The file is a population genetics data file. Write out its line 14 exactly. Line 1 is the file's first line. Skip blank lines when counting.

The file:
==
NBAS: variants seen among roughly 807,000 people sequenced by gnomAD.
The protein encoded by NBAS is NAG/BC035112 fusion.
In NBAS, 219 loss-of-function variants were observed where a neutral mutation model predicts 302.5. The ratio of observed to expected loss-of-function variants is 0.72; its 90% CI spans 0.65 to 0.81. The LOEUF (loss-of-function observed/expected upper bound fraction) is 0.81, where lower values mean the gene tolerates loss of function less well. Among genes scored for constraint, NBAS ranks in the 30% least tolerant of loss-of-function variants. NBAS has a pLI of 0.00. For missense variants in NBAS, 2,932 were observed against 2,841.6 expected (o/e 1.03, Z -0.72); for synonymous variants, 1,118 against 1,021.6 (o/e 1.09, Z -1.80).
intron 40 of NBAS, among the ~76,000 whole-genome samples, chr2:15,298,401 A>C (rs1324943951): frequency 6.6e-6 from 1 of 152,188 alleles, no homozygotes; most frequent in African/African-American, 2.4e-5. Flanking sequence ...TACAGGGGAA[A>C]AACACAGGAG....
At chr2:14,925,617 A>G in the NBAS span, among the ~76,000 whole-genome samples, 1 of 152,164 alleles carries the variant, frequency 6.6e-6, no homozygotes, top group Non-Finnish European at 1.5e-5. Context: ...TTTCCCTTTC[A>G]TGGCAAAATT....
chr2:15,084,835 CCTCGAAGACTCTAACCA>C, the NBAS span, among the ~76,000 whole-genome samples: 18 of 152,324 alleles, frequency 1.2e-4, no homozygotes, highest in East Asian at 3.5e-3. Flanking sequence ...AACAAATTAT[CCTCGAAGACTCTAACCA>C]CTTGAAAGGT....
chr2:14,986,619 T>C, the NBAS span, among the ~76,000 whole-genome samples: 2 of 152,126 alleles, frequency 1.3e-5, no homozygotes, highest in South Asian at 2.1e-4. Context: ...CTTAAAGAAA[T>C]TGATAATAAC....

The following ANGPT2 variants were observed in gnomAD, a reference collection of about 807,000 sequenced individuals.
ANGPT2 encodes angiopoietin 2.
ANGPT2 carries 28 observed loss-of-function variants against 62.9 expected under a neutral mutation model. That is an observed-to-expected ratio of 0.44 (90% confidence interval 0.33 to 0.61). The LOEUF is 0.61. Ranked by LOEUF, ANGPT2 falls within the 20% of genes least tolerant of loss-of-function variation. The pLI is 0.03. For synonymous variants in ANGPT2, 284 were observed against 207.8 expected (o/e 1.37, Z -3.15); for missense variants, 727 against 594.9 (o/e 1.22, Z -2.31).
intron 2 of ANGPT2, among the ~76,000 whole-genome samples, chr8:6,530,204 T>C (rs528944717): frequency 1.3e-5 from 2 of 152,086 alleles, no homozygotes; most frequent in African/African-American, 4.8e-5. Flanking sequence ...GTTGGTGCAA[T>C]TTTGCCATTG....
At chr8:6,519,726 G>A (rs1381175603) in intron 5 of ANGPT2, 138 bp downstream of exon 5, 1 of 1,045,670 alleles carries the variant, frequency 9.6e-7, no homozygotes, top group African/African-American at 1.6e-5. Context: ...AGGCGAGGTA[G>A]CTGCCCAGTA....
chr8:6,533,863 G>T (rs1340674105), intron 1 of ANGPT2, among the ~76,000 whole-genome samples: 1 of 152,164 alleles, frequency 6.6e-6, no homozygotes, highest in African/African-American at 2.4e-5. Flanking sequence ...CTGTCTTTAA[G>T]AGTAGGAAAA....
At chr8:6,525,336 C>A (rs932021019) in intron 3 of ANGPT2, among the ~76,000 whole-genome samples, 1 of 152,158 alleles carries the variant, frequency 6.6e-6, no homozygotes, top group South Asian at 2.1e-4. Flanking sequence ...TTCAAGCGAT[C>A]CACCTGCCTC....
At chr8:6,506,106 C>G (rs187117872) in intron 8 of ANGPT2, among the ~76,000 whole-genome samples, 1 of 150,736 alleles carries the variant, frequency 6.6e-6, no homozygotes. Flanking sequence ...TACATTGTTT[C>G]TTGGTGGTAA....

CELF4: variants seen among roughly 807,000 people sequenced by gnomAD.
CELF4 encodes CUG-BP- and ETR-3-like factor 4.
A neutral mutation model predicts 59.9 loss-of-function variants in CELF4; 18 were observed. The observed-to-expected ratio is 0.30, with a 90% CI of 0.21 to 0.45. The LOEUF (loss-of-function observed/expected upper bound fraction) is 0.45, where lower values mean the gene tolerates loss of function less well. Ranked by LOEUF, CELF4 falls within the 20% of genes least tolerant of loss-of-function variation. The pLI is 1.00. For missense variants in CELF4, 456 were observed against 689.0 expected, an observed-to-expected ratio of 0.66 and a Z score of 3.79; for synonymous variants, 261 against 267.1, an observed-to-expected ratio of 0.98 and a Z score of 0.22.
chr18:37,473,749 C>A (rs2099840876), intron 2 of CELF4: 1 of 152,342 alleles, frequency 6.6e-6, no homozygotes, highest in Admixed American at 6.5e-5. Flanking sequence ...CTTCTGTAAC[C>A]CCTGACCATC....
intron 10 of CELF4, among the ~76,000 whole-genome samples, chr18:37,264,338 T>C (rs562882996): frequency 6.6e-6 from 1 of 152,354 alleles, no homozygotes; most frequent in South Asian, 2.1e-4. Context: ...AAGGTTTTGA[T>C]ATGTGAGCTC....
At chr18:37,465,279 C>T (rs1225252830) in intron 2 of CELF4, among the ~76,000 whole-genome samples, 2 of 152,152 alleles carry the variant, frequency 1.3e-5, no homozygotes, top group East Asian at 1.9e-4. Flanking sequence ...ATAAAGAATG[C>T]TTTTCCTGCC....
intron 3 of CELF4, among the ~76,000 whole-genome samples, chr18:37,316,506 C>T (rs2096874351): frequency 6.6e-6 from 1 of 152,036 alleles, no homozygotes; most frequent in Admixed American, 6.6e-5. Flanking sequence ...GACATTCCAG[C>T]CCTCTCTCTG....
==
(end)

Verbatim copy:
At chr8:6,525,336 C>A (rs932021019) in intron 3 of ANGPT2, among the ~76,000 whole-genome samples, 1 of 152,158 alleles carries the variant, frequency 6.6e-6, no homozygotes, top group South Asian at 2.1e-4. Flanking sequence ...TTCAAGCGAT[C>A]CACCTGCCTC....